This website collects a number of cookies from its users for improving your overall experience of the site.

Research School Network: Exploring Our Emotions Through Art

Exploring Our Emotions Through Art

by Billesley Research School
on the

Returning to school in September was such a bittersweet experience for me as an educator. On one hand I was thrilled to finally be back in the classroom, face to face with the children I had missed over lockdown and away from the virtual classroom that had dominated our teaching for so long. But on the other hand I was uneasy and unprepared for the myriad of emotions that would greet me as I stepped back into school.

Although I felt this way, I had to stop and ask myself – if I, an adult, who can self-regulate their emotions was feeling this way, how were my children feeling? And how could we support them with their social and emotional wellbeing now we were back?

My answer: the arts.

Anticipating that our children would need a safe space to express their emotions after the unprecedented challenges of lockdown, in summer term at Billesley we planned a How are you feeling?’ unit in the first two weeks of September for them to discuss and share their experiences from their time at home. For this, a variety of art activities were planned to allow them to have an outlet to show what they were thinking and feeling. We used music to express our feelings through drawing; crafted worry wands to use in storytime each day; utilised freeze frames and conscious alley to recreate our experiences at home; drew a role on the wall to discuss their emotions in lockdown; used colour therapy and the zones of emotional regulation to share their experiences with each other; and created tie dye art about their own mental health. However, at Billesley we understand that SEL is not an isolated thing and should be rooted in everything we do in our school.

With this in mind, I endeavoured to keep as many of the links we have with our creative partners alive and strong in this new school year. I believe it is vital to do everything in our power to bring these experiences to our children. It is our duty to offer a broad and balanced experience within the school setting as, even more so with a second lockdown, they may not be getting these opportunities anywhere else. This year we have had virtual storytelling with our partners at the REP and projects with Stans Cafe, have planned animation projects based on the children’s lockdown experiences and have pushed ourselves to keep the links we have with our community open in a digital way. Just before half term, our Year 5 children took part in a project with our local church (Holy Cross) about grief and loss through the art of sculpture. Although this is an event we take part in each year, its purpose was felt more keenly this year as the children shared their experiences of the emotions over the past 8 months. They used these conversations as a springboard to making their own clay sculptures depicting the emotions and honestly, they were some of the best I had seen.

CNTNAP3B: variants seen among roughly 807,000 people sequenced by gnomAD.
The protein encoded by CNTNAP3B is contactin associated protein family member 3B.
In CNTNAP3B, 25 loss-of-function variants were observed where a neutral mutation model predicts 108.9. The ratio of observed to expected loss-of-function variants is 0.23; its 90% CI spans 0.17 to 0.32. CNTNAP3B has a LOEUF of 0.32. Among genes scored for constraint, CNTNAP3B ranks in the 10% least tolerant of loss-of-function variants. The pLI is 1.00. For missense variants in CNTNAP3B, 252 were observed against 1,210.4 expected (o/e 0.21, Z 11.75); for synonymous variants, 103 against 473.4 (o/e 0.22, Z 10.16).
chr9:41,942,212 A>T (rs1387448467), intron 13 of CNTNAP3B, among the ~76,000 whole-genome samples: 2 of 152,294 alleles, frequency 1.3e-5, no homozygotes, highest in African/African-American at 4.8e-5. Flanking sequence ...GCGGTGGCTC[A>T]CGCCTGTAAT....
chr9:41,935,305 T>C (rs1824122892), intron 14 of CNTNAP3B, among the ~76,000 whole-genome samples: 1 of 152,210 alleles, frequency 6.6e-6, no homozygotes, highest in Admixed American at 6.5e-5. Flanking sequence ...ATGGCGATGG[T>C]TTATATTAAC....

Unfortunately, due to the extenuating circumstances of lockdown and a negative media portrayal, anxiety was felt by many, including children. Echoes of the recovery curriculum and closing the gap rung in our ears over lockdown and part of me grew scared that schools could, through no fault of their own, neglect the arts and the impact they can – and do – have on our students. My hope is that we see how important the arts are on the wellbeing of our children and can help them regulate their emotions in a safe and creative platform. 

Angie Watson

Further reading from Billesley Research School:

Emotional Regulation
The New Normal – Reshaping Education?
Drama: a bit of fun in the classroom or a tool to improve children’s learning?EEF Guidance report on Arts Participation

More from the Billesley Research School

Show all news